The Sacrifice of Jesus

Tonight let us look at the sacrifice of our Lord and Savior. Jesus Christ represents so much for mankind. He embodies God’s most important blessing, He is our highest example of human behavior, and He brings us peace of the kind that we cannot find this side of heaven.

Please read with me in Matthew 27 in verses 32-66. So much has led up to this point at the end of Jesus’ life. Jesus has grown His ministry and ultimately was hunted down for His claims. It has all been leading to this willing sacrifice.

Many things happen in this passage in sequence. It is interesting to read them as a list, so that we can see how the events of Jesus’s sacrifice unfolded: 

1. A man named Simon is tasked to help Jesus bear His cross to Golgotha. Jesus was weakened by the scourging and could not carry it himself.

2. Jesus is nailed to the cross at Golgotha and His clothing is allocated to soldiers by casting lots, thus fulfilling prophecy. 

3. Jesus is chastised by the crowd and sardonically labeled “The King of the Jews.”

4. Darkness comes over the land for three hours.

5. Jesus calls out to God, asking why He has been left to suffer in such a state. 

6. Jesus dies.

7. The veil of the temple tears, rocks split and the earth quakes.

8. Roman guards admit that this Man surely was divine after seeing these miraculous occurrences.

9. Many women who were among His followers watched His crucifixion from afar. Among them were Mary Magdalene and Jesus’s mother Mary.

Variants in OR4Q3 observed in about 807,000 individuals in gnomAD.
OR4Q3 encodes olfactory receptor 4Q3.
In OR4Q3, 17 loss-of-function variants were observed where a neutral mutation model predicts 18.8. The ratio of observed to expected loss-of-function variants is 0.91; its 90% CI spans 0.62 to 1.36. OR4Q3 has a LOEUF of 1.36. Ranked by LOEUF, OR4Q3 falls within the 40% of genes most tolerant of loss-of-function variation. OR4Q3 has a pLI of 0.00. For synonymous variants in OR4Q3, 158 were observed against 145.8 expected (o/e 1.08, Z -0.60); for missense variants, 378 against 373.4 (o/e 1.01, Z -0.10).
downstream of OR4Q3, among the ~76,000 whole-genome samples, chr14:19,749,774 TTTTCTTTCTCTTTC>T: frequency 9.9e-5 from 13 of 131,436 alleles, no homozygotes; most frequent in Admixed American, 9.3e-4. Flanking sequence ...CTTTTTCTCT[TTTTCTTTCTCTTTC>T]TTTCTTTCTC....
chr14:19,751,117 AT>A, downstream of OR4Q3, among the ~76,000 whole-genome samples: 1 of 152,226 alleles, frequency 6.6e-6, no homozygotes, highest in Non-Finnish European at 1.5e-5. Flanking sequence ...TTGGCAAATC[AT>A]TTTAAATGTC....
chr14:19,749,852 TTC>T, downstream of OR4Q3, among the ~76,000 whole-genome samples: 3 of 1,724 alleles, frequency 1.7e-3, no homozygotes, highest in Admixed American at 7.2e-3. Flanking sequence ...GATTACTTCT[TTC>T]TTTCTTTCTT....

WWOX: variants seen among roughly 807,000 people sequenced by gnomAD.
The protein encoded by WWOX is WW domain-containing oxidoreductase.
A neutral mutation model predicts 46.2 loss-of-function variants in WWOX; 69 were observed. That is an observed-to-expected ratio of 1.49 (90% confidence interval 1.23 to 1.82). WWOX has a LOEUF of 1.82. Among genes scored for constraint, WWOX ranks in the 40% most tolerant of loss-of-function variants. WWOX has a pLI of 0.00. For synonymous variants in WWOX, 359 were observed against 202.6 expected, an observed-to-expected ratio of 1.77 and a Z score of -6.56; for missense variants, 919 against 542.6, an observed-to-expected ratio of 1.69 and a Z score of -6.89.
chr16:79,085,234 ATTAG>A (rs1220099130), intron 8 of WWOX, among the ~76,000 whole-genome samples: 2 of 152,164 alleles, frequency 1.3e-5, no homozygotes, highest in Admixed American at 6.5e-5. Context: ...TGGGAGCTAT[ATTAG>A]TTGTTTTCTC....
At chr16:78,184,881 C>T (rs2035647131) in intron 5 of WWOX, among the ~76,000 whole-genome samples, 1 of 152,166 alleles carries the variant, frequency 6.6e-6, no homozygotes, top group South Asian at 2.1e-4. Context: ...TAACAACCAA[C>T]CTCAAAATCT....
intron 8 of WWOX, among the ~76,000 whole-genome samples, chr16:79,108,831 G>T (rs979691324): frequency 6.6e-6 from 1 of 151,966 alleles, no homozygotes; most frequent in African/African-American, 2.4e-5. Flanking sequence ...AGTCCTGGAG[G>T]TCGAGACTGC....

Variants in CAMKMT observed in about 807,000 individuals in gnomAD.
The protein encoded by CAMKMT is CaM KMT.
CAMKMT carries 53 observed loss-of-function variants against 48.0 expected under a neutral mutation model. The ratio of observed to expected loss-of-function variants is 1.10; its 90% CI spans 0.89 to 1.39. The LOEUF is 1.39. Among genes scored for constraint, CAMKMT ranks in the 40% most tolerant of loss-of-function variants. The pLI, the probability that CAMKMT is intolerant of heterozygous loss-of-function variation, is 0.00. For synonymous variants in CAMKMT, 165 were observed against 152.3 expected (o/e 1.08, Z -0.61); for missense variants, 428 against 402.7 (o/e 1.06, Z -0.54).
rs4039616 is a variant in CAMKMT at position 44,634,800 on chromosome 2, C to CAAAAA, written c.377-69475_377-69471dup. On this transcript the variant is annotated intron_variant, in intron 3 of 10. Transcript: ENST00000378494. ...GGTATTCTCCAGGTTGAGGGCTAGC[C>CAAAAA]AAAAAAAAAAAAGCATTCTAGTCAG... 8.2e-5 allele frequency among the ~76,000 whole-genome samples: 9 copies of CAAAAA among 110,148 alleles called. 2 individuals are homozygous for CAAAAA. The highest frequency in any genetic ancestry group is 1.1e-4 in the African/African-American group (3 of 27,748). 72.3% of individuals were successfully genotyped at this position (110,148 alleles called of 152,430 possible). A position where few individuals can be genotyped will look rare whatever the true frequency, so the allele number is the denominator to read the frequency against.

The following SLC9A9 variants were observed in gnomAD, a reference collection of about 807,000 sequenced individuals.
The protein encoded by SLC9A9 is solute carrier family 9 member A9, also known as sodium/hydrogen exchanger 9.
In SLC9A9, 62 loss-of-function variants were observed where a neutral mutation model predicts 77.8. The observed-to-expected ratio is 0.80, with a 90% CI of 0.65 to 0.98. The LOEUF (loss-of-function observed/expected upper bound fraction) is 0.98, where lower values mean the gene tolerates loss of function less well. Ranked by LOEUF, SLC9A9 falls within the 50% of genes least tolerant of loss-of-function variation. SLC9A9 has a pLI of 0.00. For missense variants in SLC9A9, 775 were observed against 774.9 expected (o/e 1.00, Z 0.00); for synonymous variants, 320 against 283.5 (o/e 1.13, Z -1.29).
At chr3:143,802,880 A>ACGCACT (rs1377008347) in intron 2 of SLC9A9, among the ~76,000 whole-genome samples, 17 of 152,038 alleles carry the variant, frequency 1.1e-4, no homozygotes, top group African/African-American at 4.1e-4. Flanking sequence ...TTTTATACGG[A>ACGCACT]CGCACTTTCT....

10. A wealthy disciple of Jesus’ named Joseph provides a burial tomb for Him. A large stone seals the tomb as Mary Magdalene and Jesus’s mother Mary watch over the tomb.

11. Pilate allows the chief priests and Pharisees to seal the tomb further and set a guard over it to prevent what they fear would be disciples stealing the body.

Of course, Jesus’s body would leave the tomb but it would not be from someone stealing it. For Jesus’s claim from verse 63: “After three days I will rise” would come true and Jesus would rise from the dead. 

This passage is the culmination of many things: Old Testament prophecies, the fulfillment of God’s plan to redeem all mankind, the plan of the Jewish elite to kill Jesus, etc. But the focus for us this morning is what this sequence of events means for us.

Recall how He prayed so earnestly in the garden of Gethsemane. He prayed that He might not have to suffer so; He prayed that the task would pass from Him. But His desire to serve and to please Almighty God overruled his physical self-preservation and He said: “O My Father, if this cup cannot pass away from Me unless I drink it, Your will be done.” His devotion to God meant an abundance of blessing for us.

When Christ died on the cross, He did so for us. And when we are baptized into Him, we enter into a holy relationship with God wherein the old sinning version of ourselves dies and our new self rises. We do not continue in sin, but rather we live for Jesus.

In His death, we have life. In His pain and suffering, we have the comfort of forgiveness. But as he broke free from the confines of death, He leads the way for us to shake off the shackles of sin and live pure before our God.

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